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Pocket listings, the truth?

Posted by Northlut (My Page) on
Sat, Mar 3, 12 at 22:23

We have a great real estate agent, but we gave him a day off today and looked at a few open houses on our own. The agents in the open houses were of course hungry for clients but we were clear with them that we already have an agent we were happy with. Several of them claim to have "a lot" of pocket listings in the area, saying something along the lines of "the seller doesn't want to pay two commissions."

What's the real skinny here? Is there really no way to get access to those houses without having the listing agent as your buyers agent? If so it seems like this is a no win situation, because not only are you stuck with dual agency but there would be no way to have access to all of them because any given agent can only show you theirs.

We're not going to switch agents, but we want to know that we're getting access to as much inventory as possible. What should we do?


Follow-Up Postings:

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RE: Pocket listings, the truth?

In my area it can work both ways. If you want to use your existing buyers agent, have him call the other agent to see if there really is a pocket listing. Some say that to entice you, but you already know that.
Some agents do have pocket listings and put out the word to other agents and will work with them. You have no way of knowing unless you pursue each one.
It is difficult to have access to all houses because of individual relationships within any given area.
Personally, I work with dual agency so it isn't a no win for me, but I know, many don't want to do it.


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RE: Pocket listings, the truth?

This doesn't make sense to me. The seller pays one commission. The brokers cooperate to share it. Unless there is some odd agreement here, the agent is basically saying that he/she doesn't want to share.
Around here, a pocket listing means that the agent knows people who are willing to sell, but don't want their home on the market. It's up to the agent to find someone who wants a house in that neighborhood, at that price range, with that type floor plan or features.
The house we bought was a pocket listing. Our agent took us to a few neighborhoods and several showings until we had decided this neighborhood and she had a pretty good idea of what we liked and didn't like, then she said, well, this house isn't listed but the owners want to sell so let me arrange a showing and that was it.
She accepted a reduced commission because she didn't have to list or market the home or negotiate.


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RE: Pocket listings, the truth?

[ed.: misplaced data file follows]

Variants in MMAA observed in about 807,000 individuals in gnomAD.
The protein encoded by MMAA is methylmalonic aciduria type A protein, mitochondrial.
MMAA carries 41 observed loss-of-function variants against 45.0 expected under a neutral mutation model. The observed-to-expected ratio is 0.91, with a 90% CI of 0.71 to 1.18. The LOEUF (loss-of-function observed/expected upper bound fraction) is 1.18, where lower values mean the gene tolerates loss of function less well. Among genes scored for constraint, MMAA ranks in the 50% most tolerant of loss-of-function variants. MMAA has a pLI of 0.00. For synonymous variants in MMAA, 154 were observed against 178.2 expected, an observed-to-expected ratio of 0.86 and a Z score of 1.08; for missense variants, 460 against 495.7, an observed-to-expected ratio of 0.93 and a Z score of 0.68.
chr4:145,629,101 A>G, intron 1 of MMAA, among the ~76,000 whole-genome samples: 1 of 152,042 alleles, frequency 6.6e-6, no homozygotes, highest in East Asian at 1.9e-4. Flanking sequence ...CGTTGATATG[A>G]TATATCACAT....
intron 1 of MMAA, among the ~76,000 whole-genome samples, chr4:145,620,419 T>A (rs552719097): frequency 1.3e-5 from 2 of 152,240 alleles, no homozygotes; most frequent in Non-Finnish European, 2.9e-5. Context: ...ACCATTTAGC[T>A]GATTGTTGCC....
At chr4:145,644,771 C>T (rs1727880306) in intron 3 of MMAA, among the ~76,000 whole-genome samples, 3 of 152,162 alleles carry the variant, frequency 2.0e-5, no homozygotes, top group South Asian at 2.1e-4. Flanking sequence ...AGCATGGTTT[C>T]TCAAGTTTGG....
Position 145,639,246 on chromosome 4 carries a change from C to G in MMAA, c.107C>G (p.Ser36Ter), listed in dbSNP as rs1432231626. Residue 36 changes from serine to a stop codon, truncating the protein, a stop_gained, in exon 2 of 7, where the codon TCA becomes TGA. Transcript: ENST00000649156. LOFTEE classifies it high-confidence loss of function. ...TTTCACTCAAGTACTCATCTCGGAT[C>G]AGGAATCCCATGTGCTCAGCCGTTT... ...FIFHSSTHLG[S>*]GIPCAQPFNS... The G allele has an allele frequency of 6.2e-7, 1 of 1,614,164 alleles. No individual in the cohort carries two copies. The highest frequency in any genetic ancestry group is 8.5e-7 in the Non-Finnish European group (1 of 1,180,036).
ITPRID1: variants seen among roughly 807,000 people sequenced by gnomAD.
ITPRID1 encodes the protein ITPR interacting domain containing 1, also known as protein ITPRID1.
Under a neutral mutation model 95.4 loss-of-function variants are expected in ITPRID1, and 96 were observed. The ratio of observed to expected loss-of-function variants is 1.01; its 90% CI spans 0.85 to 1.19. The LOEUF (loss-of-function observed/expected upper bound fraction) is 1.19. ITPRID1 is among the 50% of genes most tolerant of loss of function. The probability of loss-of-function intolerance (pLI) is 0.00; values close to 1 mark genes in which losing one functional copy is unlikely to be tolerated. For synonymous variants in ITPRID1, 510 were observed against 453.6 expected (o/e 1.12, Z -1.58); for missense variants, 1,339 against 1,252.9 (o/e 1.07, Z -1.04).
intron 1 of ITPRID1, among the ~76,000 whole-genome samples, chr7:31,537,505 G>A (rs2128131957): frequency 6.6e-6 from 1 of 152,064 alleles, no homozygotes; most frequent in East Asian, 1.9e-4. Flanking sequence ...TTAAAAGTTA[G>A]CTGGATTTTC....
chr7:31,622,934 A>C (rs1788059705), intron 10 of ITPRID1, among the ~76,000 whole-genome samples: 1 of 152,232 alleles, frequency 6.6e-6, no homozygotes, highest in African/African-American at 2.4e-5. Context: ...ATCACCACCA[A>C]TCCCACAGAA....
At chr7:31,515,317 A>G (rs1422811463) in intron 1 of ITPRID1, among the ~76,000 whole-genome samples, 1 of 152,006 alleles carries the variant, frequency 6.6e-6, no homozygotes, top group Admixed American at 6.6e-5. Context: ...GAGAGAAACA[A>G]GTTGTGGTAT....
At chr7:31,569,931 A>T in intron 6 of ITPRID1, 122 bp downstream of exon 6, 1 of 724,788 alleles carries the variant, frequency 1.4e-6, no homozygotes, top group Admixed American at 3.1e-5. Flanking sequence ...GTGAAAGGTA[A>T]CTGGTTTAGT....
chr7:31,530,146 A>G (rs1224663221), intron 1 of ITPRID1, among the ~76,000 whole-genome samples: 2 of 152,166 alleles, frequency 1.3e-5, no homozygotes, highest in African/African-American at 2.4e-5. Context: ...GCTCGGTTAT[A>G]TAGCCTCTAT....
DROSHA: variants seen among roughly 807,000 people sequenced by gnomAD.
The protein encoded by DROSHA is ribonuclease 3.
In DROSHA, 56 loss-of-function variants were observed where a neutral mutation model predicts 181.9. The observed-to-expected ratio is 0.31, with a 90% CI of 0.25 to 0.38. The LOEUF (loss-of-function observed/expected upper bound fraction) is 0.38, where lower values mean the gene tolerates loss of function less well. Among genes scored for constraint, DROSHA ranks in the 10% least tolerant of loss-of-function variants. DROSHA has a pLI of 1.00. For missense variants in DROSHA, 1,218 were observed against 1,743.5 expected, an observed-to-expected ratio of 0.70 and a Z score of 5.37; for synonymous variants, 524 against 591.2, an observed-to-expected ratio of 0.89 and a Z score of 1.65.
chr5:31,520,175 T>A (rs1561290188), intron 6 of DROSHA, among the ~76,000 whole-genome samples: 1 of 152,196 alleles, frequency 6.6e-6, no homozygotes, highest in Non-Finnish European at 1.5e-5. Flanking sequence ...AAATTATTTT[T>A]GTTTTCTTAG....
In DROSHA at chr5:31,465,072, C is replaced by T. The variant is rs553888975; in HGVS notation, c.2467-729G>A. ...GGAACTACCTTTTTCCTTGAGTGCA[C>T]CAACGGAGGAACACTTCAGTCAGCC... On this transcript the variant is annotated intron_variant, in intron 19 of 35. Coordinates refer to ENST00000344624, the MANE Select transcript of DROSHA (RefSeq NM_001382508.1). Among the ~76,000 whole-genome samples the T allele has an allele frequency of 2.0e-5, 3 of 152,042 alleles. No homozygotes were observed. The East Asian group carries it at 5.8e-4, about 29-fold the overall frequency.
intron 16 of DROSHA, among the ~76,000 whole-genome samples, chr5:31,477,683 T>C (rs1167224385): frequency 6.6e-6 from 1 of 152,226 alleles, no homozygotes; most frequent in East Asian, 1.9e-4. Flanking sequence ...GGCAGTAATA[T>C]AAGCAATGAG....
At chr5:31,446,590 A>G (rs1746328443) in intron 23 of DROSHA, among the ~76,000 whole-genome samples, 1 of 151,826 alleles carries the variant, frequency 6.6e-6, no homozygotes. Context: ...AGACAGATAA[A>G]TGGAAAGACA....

Most of the pocket listings I have ever run into as an agent were from other agents word of mouth, and therefore the sellers were ok with paying both sides.
The biggest problem with pocket listing sellers, especially those that only want to pay one side is that not only are they looking to get a deal on finding a buyer, but you can bet that they are not too motivated either.
Next time an agent tells you that they have a pocket listing and you already have an agent, tell them to get with the seller on the phone right then, and let the sellers know that you are an interested buyer, and ask them if they are willing to pay a buyer's agent.


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RE: Pocket listings, the truth?

They are a waste of time. Most "sellers" who do pocket listings are pretty unrealistic about the actual market price of their home, and think that it's worth a lot more than it should be and are just waiting on some starry eyed noob to fall out of the sky and fall in love with their house and insist on buying it at that unrealistic price. Add that to the fact that they aren't really motivated to sell unless their mental zillion dollar figure is met, and they are a PIA to be avoided for a serious buyer. Not all are like this, but you can bet 90% are.


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RE: Pocket listings, the truth?

"Hungry" or not, Realtors can't try to lure a client away from another Realtor:
it's a violation of the Code of Ethics.

If they do indeed have "pocket" listings, your Realtor can help you with them.

Your buyer's rep will try to get the other agent's broker to sign an agreement that the "listing" broker will pay your buyer's broker.

If the other broker won't do that, your agent can still handle a purchase of one of these properties;
you can pay your Realtor fee at closing, or you can ask the seller to pay your broker's fee in the contract or in an addendum.

I wish you the best.


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RE: Pocket listings, the truth?

I don't understand why a seller would want an agent to do a 'pocket' listing on a house they want to sell. It's a term I'm not familiar with in this area other than the deal like C9pilot stated, not on the market but will work with a realtor if they find the right party.


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